- Evaporated Cane Juice
- Cane Juice
- Organic Sugar
- Raw Sugar
I have many people asking why I don't eat some of the above listed sugars. I do eat molasses. A naturopathic doctor once recommended that I eat one tablespoon of molasses a day. I was eating vegan then. I haven't touched the other sugars all year because I believe they are much more refined products of sugar cane/sugar beet than molasses. Molasses is full of iron and other vitamins and minerals. You really can't overeat the stuff--it's so strong! It makes a wonderful sweetener, especially in my favorite gingersnap cookies.
I think that the other sugars listed are advertising "gimmicks" to get us health-concious folks to think a product is okay. I really don't believe that there is a big difference between white table sugar and evaporated cane juice, cane juice, raw sugar and turbinado. If the differences are microscopic, then I think they hardly count. I think the differences should be as obvious as molasses compared to white table sugar. If there are "trace" amounts of nutrition in cane juice or turbinado, does that really make it healthy?
The research that I am looking for is harder to find than I thought. All I want is a chart that shows the sugar refining process, with these different sugars listed at the point at which they are a final product. Ideally, these different sugar products would then be charted according to their nutrition. Do these charts exist? I've looked on both sugar websites and "anti-sugar" websites.
Wikipedia apparently agrees with me, "Evaporated cane juice is used more widely across the globe and is gaining currency as a euphemism for refined white sugar." I think "euphemism" is a loose term, and definitely not a scientific term, but nevertheless...
I'm finding the same thing on most websites, "[Evaporated cane juice] may also be known by a variety of other names including dried cane juice, crystallized cane juice, milled cane sugar and direct consumption sugar."(1)
If you've heard of Sunspire Natural Chocolates, they also have something to say about raw sugar, "Raw sugar is coarse, tan to brown-colored sugar (sucrose) which results from the first processing of cane or beet sugar. True "raw sugar" cannot be sold in the USA because it contains impurities such as soil, mold yeast, bacteria, and wax. When further processed to remove the impurities it is sold as turbinado sugar."(2)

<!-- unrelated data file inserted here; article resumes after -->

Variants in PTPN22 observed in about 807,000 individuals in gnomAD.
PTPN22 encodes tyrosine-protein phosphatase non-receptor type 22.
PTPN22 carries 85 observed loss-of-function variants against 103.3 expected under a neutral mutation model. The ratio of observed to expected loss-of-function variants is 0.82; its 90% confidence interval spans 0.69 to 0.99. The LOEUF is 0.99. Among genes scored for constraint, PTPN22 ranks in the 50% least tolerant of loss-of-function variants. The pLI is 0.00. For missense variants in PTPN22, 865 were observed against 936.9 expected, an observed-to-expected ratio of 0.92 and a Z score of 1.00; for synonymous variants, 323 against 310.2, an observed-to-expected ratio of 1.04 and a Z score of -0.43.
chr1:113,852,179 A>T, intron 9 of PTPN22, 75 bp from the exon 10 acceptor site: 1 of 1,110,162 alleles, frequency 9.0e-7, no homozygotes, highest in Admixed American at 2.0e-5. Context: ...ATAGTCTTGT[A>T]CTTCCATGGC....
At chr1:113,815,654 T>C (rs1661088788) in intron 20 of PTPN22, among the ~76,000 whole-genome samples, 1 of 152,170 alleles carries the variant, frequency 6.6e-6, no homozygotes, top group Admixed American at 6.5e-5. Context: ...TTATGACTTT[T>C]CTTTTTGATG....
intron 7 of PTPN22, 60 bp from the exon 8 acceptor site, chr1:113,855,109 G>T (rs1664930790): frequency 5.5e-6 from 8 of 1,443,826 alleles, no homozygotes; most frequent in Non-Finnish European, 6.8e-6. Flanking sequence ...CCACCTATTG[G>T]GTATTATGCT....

Here is an interesting perspective written by Nutritionist Vimlan VanDien, "One hundred grams of dried cane juice is pretty much the same thing as 100 grams of other sweeteners, no matter what you call it," says Vimlan VanDien, a nutritionist at the respected Bastyr University, in Seattle, Washington. "When people call these sugars something other than sugar, it's deceptive in a way if the market is uninformed. Because dehydrated cane juice is sugar. It simply sounds like a whole food."
VanDien feels that calling these sweeteners something other than what they are is a way that some consumers can sugarcoat their consciences too.
"To a certain extent," she explains, "when people buy products with so-called alternative sweeteners, it gives them an excuse to eat sugar. They'll say, Oh, it's organic, so it's O.K.' Or, It's a whole food.' But it's not whole food. If you wanted the whole food, you'd go out in the field and eat the sugar cane, and get all the fiber and nutrients it has." (3)
I found a sugar refining website (4) that talks about the process of sugar refining, but leaves out when the various sugar products are produced. The sugar refining process is very interesting to me. It reminds me that sugar is in no way a whole food. What once was a beautiful green sugar cane (sold at open markets in Hawaii and fun to chew on) ends up an embarrassed little pile of tiny white, nutrition-less crystals.
Ah, I should write a children's book about the sugar refining process from the sugar cane's point of view. Poor guy.